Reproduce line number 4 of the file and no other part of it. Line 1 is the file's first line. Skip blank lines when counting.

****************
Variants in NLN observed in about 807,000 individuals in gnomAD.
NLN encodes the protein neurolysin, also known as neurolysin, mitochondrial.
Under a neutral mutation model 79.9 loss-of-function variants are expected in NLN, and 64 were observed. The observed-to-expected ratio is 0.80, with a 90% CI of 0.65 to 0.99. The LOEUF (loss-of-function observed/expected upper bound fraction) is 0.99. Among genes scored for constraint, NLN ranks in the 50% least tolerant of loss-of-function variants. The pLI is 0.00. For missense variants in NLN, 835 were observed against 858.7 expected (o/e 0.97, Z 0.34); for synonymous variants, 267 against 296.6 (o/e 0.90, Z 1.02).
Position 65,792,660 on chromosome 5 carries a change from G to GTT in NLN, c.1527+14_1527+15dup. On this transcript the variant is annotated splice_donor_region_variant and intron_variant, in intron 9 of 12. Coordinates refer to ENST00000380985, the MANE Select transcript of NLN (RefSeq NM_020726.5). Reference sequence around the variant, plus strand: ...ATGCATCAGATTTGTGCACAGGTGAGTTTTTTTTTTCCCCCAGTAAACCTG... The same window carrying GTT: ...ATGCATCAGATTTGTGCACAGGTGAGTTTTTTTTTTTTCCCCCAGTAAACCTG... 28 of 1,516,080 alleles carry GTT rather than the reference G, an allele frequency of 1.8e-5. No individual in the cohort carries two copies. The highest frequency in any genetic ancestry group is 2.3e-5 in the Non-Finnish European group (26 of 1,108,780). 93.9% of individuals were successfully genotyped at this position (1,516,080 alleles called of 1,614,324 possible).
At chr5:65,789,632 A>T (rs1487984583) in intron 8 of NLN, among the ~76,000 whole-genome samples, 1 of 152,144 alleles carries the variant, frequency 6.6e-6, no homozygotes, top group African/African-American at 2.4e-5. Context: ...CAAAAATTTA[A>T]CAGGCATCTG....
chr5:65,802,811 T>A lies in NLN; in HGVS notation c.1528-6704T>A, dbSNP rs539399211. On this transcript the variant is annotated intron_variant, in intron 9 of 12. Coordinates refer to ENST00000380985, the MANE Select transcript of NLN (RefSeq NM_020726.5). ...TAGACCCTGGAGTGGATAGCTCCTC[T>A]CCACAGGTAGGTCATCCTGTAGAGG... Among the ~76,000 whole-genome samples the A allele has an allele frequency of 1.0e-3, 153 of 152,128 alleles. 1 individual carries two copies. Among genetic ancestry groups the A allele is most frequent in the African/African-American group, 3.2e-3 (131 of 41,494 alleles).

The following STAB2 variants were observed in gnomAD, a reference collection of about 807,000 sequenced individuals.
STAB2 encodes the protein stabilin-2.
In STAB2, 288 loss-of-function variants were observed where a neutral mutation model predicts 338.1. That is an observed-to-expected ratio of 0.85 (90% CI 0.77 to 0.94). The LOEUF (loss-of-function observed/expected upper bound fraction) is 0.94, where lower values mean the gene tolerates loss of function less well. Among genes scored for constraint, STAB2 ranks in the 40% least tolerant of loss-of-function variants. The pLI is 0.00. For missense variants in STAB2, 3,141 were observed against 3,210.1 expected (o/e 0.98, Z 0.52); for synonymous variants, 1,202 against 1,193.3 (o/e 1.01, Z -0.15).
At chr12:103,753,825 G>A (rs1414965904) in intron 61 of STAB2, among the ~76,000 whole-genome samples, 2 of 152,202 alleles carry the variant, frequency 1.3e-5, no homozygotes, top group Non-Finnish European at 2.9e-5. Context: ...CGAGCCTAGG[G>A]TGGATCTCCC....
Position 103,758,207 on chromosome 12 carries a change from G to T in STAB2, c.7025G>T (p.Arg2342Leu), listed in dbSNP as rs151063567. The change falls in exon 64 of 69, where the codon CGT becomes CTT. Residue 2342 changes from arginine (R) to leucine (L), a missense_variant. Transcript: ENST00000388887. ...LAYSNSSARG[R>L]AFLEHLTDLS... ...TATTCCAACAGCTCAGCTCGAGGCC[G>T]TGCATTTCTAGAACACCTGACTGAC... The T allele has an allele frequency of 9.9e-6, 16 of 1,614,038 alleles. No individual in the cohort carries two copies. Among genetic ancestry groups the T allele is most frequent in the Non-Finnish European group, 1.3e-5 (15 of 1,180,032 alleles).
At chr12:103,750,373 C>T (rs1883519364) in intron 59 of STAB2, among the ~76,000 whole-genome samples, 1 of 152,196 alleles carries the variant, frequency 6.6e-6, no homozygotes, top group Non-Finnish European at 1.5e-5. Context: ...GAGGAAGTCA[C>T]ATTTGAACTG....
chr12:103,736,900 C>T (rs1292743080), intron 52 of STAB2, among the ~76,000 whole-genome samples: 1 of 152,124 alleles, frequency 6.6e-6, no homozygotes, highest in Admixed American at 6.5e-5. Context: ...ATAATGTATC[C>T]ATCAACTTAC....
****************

Position 65,792,660 on chromosome 5 carries a change from G to GTT in NLN, c.1527+14_1527+15dup. On this transcript the variant is annotated splice_donor_region_variant and intron_variant, in intron 9 of 12. Coordinates refer to ENST00000380985, the MANE Select transcript of NLN (RefSeq NM_020726.5). Reference sequence around the variant, plus strand: ...ATGCATCAGATTTGTGCACAGGTGAGTTTTTTTTTTCCCCCAGTAAACCTG... The same window carrying GTT: ...ATGCATCAGATTTGTGCACAGGTGAGTTTTTTTTTTTTCCCCCAGTAAACCTG... 28 of 1,516,080 alleles carry GTT rather than the reference G, an allele frequency of 1.8e-5. No individual in the cohort carries two copies. The highest frequency in any genetic ancestry group is 2.3e-5 in the Non-Finnish European group (26 of 1,108,780). 93.9% of individuals were successfully genotyped at this position (1,516,080 alleles called of 1,614,324 possible).